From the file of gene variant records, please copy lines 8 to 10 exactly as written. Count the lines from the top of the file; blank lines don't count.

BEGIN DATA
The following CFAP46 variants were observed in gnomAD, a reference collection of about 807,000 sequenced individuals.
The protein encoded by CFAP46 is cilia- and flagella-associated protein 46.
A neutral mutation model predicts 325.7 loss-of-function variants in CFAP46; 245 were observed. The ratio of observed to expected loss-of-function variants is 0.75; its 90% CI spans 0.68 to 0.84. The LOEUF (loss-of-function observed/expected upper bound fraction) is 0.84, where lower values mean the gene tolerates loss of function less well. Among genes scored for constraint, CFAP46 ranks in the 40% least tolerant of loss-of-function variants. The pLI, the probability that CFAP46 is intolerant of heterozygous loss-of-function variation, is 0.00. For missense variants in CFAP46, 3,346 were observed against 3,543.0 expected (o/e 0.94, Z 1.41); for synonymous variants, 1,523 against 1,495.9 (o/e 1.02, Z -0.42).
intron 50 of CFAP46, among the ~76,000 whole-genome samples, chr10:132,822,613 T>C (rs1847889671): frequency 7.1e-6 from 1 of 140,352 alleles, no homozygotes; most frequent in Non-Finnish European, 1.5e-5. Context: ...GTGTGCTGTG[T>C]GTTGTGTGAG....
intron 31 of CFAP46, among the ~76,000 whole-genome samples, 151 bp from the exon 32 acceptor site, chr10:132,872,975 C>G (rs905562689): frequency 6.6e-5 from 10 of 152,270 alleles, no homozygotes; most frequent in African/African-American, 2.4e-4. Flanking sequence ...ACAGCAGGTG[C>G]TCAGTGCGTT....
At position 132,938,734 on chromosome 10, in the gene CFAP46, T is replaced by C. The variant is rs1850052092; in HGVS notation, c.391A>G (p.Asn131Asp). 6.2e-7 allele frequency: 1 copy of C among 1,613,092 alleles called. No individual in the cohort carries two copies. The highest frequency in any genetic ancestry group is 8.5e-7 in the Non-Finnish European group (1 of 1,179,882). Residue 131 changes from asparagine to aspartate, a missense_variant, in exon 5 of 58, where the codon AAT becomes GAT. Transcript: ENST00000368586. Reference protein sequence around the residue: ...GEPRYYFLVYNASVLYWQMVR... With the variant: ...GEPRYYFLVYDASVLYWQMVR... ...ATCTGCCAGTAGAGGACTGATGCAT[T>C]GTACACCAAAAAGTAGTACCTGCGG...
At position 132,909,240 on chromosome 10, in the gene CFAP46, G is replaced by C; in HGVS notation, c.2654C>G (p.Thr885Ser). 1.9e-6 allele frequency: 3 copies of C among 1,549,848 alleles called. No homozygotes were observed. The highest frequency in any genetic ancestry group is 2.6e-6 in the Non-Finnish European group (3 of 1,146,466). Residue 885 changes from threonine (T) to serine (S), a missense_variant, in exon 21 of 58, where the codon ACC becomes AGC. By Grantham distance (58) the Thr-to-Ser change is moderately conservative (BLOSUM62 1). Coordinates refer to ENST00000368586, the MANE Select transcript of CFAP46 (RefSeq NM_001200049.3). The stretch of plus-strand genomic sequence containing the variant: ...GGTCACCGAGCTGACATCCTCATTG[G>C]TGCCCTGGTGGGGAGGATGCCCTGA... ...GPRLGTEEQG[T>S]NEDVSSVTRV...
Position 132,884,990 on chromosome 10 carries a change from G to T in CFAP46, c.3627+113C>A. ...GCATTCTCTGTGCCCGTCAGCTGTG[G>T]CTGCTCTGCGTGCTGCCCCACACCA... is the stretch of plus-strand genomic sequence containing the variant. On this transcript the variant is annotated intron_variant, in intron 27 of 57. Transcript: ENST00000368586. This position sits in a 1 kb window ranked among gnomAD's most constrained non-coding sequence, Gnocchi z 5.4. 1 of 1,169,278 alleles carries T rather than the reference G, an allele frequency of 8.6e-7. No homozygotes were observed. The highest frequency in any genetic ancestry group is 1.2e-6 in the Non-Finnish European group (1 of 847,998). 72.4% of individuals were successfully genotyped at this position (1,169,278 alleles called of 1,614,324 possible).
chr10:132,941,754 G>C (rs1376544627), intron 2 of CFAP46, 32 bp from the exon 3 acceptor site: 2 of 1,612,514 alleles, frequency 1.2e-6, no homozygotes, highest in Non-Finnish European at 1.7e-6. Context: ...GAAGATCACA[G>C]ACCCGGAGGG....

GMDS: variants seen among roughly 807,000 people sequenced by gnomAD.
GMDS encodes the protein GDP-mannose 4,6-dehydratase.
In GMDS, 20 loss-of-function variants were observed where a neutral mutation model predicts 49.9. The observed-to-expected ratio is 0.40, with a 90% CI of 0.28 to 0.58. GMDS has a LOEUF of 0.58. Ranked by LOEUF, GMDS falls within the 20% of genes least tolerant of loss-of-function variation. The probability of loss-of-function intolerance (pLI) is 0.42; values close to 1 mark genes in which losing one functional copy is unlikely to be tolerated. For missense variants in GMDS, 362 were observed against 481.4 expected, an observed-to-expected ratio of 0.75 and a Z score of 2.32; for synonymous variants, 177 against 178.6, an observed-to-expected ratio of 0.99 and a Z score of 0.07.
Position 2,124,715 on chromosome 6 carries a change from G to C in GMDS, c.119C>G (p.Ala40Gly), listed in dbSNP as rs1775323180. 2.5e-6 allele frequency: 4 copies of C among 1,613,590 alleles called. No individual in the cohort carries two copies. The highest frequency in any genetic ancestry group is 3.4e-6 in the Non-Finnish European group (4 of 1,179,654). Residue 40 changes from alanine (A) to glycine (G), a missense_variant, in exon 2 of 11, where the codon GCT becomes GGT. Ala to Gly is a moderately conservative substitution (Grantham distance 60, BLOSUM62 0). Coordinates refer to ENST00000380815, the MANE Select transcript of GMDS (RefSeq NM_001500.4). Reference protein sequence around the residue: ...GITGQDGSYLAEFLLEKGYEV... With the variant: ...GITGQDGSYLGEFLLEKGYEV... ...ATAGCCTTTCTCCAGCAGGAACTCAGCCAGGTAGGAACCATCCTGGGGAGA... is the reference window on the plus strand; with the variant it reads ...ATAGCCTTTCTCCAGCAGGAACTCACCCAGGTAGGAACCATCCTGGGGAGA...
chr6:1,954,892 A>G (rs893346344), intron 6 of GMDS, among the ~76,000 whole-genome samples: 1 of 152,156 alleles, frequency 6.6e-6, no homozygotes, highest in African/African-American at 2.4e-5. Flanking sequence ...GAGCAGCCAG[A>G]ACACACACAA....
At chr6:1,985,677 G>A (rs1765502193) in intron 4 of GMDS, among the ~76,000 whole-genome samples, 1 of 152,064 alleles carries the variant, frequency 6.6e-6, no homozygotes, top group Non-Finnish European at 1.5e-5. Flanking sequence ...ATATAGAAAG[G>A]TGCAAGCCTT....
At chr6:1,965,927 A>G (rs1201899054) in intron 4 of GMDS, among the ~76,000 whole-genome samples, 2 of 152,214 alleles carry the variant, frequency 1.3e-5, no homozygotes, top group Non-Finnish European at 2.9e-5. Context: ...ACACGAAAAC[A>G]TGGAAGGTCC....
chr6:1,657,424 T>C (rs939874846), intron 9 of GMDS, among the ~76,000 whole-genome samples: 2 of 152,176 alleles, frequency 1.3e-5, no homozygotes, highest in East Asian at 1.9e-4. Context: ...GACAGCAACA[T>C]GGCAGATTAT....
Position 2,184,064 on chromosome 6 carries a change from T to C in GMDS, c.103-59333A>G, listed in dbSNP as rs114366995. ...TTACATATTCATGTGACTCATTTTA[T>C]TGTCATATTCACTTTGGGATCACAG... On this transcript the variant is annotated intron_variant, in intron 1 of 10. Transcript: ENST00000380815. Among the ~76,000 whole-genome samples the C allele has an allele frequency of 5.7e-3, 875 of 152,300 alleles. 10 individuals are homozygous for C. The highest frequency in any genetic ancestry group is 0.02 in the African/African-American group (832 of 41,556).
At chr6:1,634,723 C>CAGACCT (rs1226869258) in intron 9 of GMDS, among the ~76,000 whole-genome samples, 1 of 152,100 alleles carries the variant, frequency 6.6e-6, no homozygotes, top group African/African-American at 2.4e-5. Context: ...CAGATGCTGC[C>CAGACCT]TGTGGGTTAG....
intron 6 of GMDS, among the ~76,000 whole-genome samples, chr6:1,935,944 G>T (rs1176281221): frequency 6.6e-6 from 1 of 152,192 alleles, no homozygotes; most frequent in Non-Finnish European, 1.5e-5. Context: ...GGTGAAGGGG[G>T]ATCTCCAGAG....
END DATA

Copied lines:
Position 132,884,990 on chromosome 10 carries a change from G to T in CFAP46, c.3627+113C>A. ...GCATTCTCTGTGCCCGTCAGCTGTG[G>T]CTGCTCTGCGTGCTGCCCCACACCA... is the stretch of plus-strand genomic sequence containing the variant. On this transcript the variant is annotated intron_variant, in intron 27 of 57. Transcript: ENST00000368586. This position sits in a 1 kb window ranked among gnomAD's most constrained non-coding sequence, Gnocchi z 5.4. 1 of 1,169,278 alleles carries T rather than the reference G, an allele frequency of 8.6e-7. No homozygotes were observed. The highest frequency in any genetic ancestry group is 1.2e-6 in the Non-Finnish European group (1 of 847,998). 72.4% of individuals were successfully genotyped at this position (1,169,278 alleles called of 1,614,324 possible).
chr10:132,941,754 G>C (rs1376544627), intron 2 of CFAP46, 32 bp from the exon 3 acceptor site: 2 of 1,612,514 alleles, frequency 1.2e-6, no homozygotes, highest in Non-Finnish European at 1.7e-6. Context: ...GAAGATCACA[G>C]ACCCGGAGGG....

GMDS: variants seen among roughly 807,000 people sequenced by gnomAD.